A Faster Way to Sort Through Large Batches of Raw Images

Culling a large set of raw photos can take a particularly long time as you wait for Lightroom to render previews for all the images, but luckily, there's a faster way to do it. This quick video will introduce you to programs dedicated to exactly this task.

Coming to you from David Bergman of Adorama TV, this great video talks about dedicated image ingestion programs and how they can make a big difference in the amount of time you spend culling images. The problem comes when you have to wait for Lightroom or your image-cataloging program of choice to generate previews from all your raw files into actual images that can be displayed. Dedicated ingestion programs like Photo Mechanic are designed to alleviate this exact issue, offering you lightning-fast previews and basic abilities like ratings, tags, and adding metadata. This allows you to make your selections before you bring them into a program like Lightroom, drastically cutting down on the number of files for which the program has to generate previews and saving you lots of time. If you're someone like a wedding photographer who comes home with thousands of raw files, such a program is invaluable. Check out the video above for more!

Lead image by Bruce Mars, used under Creative Commons.

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Tim McGlynn's picture

If you're not a professional, you may not want to spend $150 for Photo Mechanic. I use IrfanView to go through the images on my SD card and the F8 key to copy to a preset location on my hard drive, and then import into Lightroom from there. I can't say if IrfanView can read all RAW files, but it does read those from my Nikon D750. My only wish is that IrfanView would let us change F8 to a more-convenient key.

Motti Bembaron's picture

Even for a pro, spending $150 on a program just to cull images is a bit expensive.

Spending just $150 to save hours of your life every week is a very good investment.

Motti Bembaron's picture

Unfortunately, those "good investments" never end :-) At one point we have to stop spending and work with what we have. Although Lightroom is garbage in culling, when I have a job with more than few hundred images, I usually create a new gallery just for that job and worked on it. when done, I export it and then import it to the main gallery (my galleries are by year).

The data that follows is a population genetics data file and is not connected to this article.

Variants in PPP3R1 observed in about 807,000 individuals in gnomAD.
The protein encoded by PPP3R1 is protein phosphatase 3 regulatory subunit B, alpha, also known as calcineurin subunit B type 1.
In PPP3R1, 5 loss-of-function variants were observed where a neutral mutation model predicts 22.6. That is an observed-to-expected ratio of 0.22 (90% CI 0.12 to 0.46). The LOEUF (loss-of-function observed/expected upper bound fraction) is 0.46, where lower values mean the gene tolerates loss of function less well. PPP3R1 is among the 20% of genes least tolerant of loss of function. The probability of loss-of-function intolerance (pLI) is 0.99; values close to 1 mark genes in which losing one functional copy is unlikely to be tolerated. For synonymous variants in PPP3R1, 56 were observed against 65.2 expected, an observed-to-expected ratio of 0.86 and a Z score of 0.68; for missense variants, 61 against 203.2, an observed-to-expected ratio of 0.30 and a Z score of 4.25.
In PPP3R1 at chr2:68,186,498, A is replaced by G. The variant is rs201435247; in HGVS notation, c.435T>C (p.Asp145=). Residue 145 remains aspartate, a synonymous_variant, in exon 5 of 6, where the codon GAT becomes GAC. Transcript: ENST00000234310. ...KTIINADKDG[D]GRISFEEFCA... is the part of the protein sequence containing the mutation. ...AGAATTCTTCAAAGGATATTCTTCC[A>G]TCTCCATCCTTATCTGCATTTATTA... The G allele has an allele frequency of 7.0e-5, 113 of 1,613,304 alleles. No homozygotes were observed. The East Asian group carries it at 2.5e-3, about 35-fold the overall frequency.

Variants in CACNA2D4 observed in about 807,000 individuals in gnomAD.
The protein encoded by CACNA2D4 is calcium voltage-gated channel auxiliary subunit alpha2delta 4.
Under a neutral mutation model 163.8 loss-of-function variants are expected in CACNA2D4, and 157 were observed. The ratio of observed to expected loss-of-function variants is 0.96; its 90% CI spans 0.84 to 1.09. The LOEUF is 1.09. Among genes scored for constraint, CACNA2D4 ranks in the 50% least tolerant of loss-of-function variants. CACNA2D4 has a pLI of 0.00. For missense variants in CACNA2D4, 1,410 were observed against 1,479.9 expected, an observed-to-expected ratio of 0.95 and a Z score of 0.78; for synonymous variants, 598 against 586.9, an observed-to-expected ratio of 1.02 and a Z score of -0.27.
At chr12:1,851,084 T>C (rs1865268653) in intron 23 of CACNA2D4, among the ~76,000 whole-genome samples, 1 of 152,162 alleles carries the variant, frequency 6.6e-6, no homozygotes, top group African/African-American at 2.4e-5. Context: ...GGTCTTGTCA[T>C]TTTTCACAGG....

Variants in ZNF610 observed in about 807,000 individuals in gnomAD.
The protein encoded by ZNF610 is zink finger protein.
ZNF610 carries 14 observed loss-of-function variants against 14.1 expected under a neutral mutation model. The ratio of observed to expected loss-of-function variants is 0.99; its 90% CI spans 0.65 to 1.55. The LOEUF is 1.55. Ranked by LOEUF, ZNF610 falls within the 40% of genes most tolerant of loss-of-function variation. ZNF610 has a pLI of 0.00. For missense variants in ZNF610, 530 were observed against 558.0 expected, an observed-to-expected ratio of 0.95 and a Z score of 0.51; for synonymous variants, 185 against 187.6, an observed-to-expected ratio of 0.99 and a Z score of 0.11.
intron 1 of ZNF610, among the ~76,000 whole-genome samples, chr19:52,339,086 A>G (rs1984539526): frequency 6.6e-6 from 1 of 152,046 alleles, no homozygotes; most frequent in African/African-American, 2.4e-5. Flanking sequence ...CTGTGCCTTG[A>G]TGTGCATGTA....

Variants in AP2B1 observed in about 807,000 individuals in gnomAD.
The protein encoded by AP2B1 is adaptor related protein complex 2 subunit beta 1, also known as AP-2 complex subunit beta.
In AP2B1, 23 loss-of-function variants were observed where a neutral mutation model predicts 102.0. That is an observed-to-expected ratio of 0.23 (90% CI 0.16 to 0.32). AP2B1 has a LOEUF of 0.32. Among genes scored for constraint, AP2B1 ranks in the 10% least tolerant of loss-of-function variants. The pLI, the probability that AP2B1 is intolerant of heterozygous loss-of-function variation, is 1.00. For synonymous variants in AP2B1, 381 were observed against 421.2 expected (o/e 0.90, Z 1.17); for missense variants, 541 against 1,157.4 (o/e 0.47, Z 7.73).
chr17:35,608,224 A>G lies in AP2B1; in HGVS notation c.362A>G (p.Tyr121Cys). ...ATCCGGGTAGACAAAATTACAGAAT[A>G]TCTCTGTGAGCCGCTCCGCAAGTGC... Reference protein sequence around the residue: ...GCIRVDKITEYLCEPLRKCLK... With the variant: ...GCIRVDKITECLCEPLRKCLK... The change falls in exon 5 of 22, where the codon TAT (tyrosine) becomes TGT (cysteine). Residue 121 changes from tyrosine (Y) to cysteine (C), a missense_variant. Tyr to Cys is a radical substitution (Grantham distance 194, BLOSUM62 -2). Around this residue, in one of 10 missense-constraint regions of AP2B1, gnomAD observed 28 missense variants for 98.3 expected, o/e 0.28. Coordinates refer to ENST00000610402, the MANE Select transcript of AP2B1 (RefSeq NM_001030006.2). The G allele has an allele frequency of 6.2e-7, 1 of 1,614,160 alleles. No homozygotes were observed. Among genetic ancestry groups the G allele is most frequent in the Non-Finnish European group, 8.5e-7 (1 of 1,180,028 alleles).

It works OK most of the time. I also have the bad habit of editing while culling (I am sure I am not the only one) so working in one app works better for me.

I know it's time to look for another option for editing. LR just does not work well anymore.

Strangely, after 1 PhotoMechanic I've never needed replacement again...

PS: I have job more than few hundred images couple of times a week :)

Motti Bembaron's picture

Good to know. Good thing there are alternative to Lightroom. I will give it a try.

Lenzy Ruffin's picture

I switched to Capture One ($300) a few months ago and couldn’t be happier. It’s much faster than Lightroom at rendering previews and everything else. And the editing tools are significantly more granular and advanced. Color correction is WAY faster and easier in Capture One.

For edits that Capture One can’t handle, I use Affinity Photo ($50). I don’t know how Affinity Photo offers so much at that price, but it’s capable of far more than I’ll ever need.

Couple of times C1 lost my folders with all adjustments I’ve made after move of the folders. Since then I slowed down C1 adoption.

Lenzy Ruffin's picture

Are you moving folders within Capture One or outside of Capture One? Capture One, Lightroom and any other catalog-based image manager will fail if you move files and folders around outside the application.

I moved inside and it was gone.

And every time I move outside, I can point software to the new folder location.

Motti Bembaron's picture

Affinity is also an app I promised myself to look into. Thanks for the info.